Is your music collection worth a fortune? Better insure it then.
You know, you can get anything insured these days. Supermodels insure their legs, page three girls can insure their assets and even Len has insured his signature good looks against damage in the ring. But what about normal, everyday stuff? Naturally, your home insurance will cover most of your worldly possessions, but there is one thing you could have paid a lot of cash for over the years, but that might not actually be insured- your digital content and software.
That’s right. While you can back up photos and some apps to the cloud, what about proprietary program software for your laptop, like Office or Adobe? What about your lovingly curated digital music collection, the stuff not ringfenced in by iTunes? Could you afford to replace it all if your laptop literally went up in smoke?
Boffins over at Moneysupermarket.com, who genuinely have nothing better to do all day than poke around in the underwear of insurance policies have discovered that different insurers have wildly different levels of cover for your non-tangibles. Top of the shop is Hiscox, who offer up to £2,500, followed by LV= and Direct Line with £1,000. However, at the other end of the chart are companies like Barclays, LloydsTSB and the Post Office who offer no cover at all.
Importantly, some insurers make distinctions between covering digital downloads and software stored on home entertainment equipment and computers compared with how they cover data downloaded on mobile phones. It's important to be aware of any differences should you need to make a claim and examples of policy wordings (from those that actually do offer cover) are as follows:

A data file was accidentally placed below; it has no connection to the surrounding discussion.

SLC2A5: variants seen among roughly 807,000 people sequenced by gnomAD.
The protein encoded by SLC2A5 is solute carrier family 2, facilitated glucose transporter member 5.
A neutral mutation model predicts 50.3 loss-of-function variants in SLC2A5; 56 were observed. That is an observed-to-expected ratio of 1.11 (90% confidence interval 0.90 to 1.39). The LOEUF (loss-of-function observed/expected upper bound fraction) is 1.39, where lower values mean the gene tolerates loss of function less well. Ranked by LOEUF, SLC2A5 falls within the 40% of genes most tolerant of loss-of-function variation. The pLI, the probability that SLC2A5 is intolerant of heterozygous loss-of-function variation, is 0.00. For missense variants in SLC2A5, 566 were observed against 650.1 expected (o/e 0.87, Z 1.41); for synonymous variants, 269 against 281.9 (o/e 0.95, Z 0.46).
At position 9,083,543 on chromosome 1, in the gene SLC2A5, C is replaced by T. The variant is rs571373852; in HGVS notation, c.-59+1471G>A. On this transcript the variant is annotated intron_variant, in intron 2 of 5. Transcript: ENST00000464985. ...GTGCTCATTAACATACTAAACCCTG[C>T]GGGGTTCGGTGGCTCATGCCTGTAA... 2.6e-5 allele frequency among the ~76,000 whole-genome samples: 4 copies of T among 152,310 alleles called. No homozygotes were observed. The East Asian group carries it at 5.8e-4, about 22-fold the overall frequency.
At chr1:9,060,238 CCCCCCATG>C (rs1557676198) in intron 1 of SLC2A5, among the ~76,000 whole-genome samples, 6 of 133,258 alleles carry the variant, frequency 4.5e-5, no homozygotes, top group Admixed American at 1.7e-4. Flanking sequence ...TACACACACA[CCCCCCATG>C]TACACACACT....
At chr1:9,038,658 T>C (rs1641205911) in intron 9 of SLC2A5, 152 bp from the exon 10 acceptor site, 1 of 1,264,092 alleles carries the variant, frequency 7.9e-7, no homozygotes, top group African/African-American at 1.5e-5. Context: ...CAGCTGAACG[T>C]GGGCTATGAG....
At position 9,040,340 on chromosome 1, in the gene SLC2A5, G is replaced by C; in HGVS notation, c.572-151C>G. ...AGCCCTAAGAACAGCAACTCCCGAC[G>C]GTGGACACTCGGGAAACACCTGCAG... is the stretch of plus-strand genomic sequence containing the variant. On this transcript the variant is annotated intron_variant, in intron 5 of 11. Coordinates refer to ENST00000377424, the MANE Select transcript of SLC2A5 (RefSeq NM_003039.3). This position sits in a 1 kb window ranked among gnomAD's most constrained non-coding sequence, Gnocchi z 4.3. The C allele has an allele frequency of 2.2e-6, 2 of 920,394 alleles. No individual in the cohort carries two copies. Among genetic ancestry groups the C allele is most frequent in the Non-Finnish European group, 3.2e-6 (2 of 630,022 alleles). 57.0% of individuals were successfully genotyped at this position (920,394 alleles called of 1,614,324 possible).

Peter Harrison, insurance expert at MoneySupermarket, said: " It's easy to overlook the value of digital downloads and computer software as they are out of sight and potentially out of mind. I'd advise homeowners to be sure they have sufficient protection against loss or theft of digital downloads. Check the details of your home contents insurance to see if you have cover in place and if you are unsure after reading through your policy documents, speak to your insurer to clarify if you do have cover and to what extent. It's worth spending some time to value your virtual content to ensure you have adequate cover for all your digital downloads as the upper limits on many policies can be modest.”
“Where possible, keep copies of invoices or bank statements as proof of purchase in case you need to make a claim" he finished.
But what if you have a massive hard drive and some serious music or software files? If the value or replacement cost of your digitals is more than the limit imposed by your insurer (not difficult if that level is £0), you may need to add exceptions to your policy, in the same way that jewellery over a certain value is often detailed separately to ensure cover. Although then, of course, you will need to see whether the extra cost is worthwhile.
Still, once downloads and digital software become commonplace, surely the insurance companies will keep up with the times and adjust their policies accordingly. Oh, wait…